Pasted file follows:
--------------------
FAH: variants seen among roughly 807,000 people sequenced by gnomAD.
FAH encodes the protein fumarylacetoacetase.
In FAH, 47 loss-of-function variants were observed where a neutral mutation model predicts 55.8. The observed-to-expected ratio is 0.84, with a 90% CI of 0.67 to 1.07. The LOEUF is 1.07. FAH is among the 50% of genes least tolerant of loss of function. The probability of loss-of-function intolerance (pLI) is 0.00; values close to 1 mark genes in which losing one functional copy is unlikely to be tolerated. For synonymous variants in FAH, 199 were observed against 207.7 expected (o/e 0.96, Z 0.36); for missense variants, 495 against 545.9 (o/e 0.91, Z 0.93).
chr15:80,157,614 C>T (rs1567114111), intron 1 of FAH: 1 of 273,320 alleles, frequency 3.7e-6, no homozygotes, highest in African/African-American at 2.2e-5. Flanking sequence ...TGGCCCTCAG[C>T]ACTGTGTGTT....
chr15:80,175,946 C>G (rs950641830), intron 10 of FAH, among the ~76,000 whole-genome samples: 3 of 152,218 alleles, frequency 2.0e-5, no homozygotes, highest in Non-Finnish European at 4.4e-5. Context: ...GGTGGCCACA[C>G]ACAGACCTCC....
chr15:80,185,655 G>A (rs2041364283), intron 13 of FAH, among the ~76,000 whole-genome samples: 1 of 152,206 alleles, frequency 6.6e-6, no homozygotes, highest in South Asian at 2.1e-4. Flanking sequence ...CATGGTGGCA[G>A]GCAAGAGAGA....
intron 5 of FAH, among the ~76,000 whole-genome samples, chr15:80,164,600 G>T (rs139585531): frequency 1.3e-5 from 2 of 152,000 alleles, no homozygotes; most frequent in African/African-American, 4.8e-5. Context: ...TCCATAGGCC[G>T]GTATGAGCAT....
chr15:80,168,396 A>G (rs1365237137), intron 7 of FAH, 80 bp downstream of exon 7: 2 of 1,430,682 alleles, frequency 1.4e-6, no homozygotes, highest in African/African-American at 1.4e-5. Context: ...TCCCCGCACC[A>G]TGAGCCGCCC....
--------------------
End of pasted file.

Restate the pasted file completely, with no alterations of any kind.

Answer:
FAH: variants seen among roughly 807,000 people sequenced by gnomAD.
FAH encodes the protein fumarylacetoacetase.
In FAH, 47 loss-of-function variants were observed where a neutral mutation model predicts 55.8. The observed-to-expected ratio is 0.84, with a 90% CI of 0.67 to 1.07. The LOEUF is 1.07. FAH is among the 50% of genes least tolerant of loss of function. The probability of loss-of-function intolerance (pLI) is 0.00; values close to 1 mark genes in which losing one functional copy is unlikely to be tolerated. For synonymous variants in FAH, 199 were observed against 207.7 expected (o/e 0.96, Z 0.36); for missense variants, 495 against 545.9 (o/e 0.91, Z 0.93).
chr15:80,157,614 C>T (rs1567114111), intron 1 of FAH: 1 of 273,320 alleles, frequency 3.7e-6, no homozygotes, highest in African/African-American at 2.2e-5. Flanking sequence ...TGGCCCTCAG[C>T]ACTGTGTGTT....
chr15:80,175,946 C>G (rs950641830), intron 10 of FAH, among the ~76,000 whole-genome samples: 3 of 152,218 alleles, frequency 2.0e-5, no homozygotes, highest in Non-Finnish European at 4.4e-5. Context: ...GGTGGCCACA[C>G]ACAGACCTCC....
chr15:80,185,655 G>A (rs2041364283), intron 13 of FAH, among the ~76,000 whole-genome samples: 1 of 152,206 alleles, frequency 6.6e-6, no homozygotes, highest in South Asian at 2.1e-4. Flanking sequence ...CATGGTGGCA[G>A]GCAAGAGAGA....
intron 5 of FAH, among the ~76,000 whole-genome samples, chr15:80,164,600 G>T (rs139585531): frequency 1.3e-5 from 2 of 152,000 alleles, no homozygotes; most frequent in African/African-American, 4.8e-5. Context: ...TCCATAGGCC[G>T]GTATGAGCAT....
chr15:80,168,396 A>G (rs1365237137), intron 7 of FAH, 80 bp downstream of exon 7: 2 of 1,430,682 alleles, frequency 1.4e-6, no homozygotes, highest in African/African-American at 1.4e-5. Context: ...TCCCCGCACC[A>G]TGAGCCGCCC....